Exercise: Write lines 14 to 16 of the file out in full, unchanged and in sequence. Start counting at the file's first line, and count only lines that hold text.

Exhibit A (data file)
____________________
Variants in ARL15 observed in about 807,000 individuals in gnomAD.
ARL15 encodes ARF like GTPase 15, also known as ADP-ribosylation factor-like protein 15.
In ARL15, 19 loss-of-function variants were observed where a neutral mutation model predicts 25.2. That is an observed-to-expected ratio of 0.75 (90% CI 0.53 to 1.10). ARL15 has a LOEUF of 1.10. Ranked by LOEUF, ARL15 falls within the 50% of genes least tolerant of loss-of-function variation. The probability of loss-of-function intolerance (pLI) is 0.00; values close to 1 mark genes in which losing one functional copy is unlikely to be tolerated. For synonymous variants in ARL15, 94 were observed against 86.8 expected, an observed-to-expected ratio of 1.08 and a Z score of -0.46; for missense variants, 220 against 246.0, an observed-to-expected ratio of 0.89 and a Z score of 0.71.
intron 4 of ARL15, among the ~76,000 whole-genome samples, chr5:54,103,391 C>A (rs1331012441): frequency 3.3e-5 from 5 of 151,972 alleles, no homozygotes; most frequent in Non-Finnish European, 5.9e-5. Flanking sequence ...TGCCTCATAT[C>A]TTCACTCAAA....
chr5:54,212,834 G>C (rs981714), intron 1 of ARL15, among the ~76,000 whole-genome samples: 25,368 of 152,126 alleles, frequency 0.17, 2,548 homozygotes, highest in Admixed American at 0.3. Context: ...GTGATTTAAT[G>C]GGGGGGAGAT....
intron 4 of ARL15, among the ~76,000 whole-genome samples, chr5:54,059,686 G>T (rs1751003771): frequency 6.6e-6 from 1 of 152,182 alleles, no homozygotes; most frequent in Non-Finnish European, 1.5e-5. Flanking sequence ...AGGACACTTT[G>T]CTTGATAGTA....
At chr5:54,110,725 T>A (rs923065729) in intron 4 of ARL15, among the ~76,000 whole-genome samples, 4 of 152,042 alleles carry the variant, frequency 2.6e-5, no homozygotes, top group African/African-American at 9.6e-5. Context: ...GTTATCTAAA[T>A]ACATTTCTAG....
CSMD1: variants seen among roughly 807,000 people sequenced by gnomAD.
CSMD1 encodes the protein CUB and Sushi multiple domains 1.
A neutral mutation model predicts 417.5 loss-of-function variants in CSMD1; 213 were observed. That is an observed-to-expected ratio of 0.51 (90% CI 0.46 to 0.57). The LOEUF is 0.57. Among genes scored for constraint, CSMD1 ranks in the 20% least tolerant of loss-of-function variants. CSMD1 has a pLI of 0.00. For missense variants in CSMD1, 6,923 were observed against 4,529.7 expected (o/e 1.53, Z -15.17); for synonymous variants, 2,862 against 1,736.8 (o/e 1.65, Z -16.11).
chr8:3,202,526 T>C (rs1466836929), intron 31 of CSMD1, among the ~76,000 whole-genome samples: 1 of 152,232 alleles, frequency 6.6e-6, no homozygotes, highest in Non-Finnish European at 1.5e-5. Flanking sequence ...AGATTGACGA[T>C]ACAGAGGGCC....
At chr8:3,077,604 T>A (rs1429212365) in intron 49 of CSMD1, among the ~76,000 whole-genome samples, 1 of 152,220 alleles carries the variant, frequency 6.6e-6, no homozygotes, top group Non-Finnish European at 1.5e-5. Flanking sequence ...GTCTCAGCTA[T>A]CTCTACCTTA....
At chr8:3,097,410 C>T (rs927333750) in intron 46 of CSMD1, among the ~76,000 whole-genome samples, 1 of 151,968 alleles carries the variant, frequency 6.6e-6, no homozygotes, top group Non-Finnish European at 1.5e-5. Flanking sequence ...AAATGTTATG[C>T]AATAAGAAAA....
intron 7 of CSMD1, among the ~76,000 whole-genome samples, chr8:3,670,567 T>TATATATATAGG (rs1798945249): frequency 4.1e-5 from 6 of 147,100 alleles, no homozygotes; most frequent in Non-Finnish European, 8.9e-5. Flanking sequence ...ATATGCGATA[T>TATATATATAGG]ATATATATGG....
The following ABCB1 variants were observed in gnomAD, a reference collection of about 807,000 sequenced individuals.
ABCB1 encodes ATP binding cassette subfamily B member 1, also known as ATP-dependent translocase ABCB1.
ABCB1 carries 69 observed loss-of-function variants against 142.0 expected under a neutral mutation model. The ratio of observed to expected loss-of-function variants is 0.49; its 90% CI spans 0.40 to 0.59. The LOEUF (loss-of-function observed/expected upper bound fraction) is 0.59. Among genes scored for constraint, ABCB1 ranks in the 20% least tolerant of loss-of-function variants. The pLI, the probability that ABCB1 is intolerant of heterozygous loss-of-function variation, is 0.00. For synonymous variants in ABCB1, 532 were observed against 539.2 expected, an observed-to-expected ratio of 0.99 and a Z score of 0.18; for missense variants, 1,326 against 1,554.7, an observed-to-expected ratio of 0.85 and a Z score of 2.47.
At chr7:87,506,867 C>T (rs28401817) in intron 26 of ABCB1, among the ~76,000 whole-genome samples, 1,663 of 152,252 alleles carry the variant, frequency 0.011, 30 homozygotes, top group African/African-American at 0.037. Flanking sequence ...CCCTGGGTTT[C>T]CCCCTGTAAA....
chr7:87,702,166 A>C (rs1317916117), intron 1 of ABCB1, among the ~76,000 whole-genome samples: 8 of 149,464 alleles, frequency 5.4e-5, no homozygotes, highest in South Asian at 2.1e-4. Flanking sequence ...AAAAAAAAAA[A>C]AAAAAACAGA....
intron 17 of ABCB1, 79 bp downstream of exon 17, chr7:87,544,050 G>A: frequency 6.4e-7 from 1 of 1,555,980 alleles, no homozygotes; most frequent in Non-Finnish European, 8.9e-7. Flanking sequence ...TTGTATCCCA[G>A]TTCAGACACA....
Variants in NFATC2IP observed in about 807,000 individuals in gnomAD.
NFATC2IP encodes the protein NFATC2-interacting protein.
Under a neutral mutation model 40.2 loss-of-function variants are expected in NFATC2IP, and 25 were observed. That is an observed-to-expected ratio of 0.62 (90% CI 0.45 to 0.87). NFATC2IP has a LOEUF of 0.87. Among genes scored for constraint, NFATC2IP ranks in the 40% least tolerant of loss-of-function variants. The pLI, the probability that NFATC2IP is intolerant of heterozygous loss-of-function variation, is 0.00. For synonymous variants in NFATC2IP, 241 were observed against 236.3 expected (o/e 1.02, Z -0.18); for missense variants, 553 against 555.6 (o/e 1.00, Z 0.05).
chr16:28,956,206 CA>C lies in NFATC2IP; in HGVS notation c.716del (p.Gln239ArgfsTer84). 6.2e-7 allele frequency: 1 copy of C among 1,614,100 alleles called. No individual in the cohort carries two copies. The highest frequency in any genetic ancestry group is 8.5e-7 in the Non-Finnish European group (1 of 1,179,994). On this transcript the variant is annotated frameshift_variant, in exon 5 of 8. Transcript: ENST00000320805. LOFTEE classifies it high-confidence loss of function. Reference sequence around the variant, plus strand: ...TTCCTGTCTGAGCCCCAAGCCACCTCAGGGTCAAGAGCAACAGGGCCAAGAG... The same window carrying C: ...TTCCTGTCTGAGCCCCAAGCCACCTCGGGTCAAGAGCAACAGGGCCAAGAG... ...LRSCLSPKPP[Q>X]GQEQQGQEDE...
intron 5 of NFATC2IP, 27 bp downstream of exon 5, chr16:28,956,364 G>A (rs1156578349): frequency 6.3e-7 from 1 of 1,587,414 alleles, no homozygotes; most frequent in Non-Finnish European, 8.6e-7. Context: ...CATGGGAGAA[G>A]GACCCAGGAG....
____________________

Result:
intron 7 of CSMD1, among the ~76,000 whole-genome samples, chr8:3,670,567 T>TATATATATAGG (rs1798945249): frequency 4.1e-5 from 6 of 147,100 alleles, no homozygotes; most frequent in Non-Finnish European, 8.9e-5. Flanking sequence ...ATATGCGATA[T>TATATATATAGG]ATATATATGG....
The following ABCB1 variants were observed in gnomAD, a reference collection of about 807,000 sequenced individuals.
ABCB1 encodes ATP binding cassette subfamily B member 1, also known as ATP-dependent translocase ABCB1.